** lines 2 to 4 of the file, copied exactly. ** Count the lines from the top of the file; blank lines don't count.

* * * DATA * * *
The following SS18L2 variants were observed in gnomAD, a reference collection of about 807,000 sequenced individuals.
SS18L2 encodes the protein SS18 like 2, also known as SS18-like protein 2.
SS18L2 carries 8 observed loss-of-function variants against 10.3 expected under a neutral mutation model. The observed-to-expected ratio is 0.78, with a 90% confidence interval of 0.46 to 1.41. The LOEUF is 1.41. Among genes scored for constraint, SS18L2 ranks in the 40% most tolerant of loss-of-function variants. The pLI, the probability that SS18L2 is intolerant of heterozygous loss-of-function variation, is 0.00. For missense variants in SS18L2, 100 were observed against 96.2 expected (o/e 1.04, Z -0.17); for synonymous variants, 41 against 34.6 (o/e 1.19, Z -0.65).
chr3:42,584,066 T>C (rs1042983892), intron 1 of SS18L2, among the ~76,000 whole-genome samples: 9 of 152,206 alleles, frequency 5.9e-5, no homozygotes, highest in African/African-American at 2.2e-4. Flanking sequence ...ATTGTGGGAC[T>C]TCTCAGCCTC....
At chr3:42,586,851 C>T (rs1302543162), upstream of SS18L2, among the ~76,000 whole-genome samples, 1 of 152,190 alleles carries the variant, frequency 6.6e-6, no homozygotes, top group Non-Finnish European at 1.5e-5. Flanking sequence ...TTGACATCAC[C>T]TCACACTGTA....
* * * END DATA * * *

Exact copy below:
SS18L2 encodes the protein SS18 like 2, also known as SS18-like protein 2.
SS18L2 carries 8 observed loss-of-function variants against 10.3 expected under a neutral mutation model. The observed-to-expected ratio is 0.78, with a 90% confidence interval of 0.46 to 1.41. The LOEUF is 1.41. Among genes scored for constraint, SS18L2 ranks in the 40% most tolerant of loss-of-function variants. The pLI, the probability that SS18L2 is intolerant of heterozygous loss-of-function variation, is 0.00. For missense variants in SS18L2, 100 were observed against 96.2 expected (o/e 1.04, Z -0.17); for synonymous variants, 41 against 34.6 (o/e 1.19, Z -0.65).
chr3:42,584,066 T>C (rs1042983892), intron 1 of SS18L2, among the ~76,000 whole-genome samples: 9 of 152,206 alleles, frequency 5.9e-5, no homozygotes, highest in African/African-American at 2.2e-4. Flanking sequence ...ATTGTGGGAC[T>C]TCTCAGCCTC....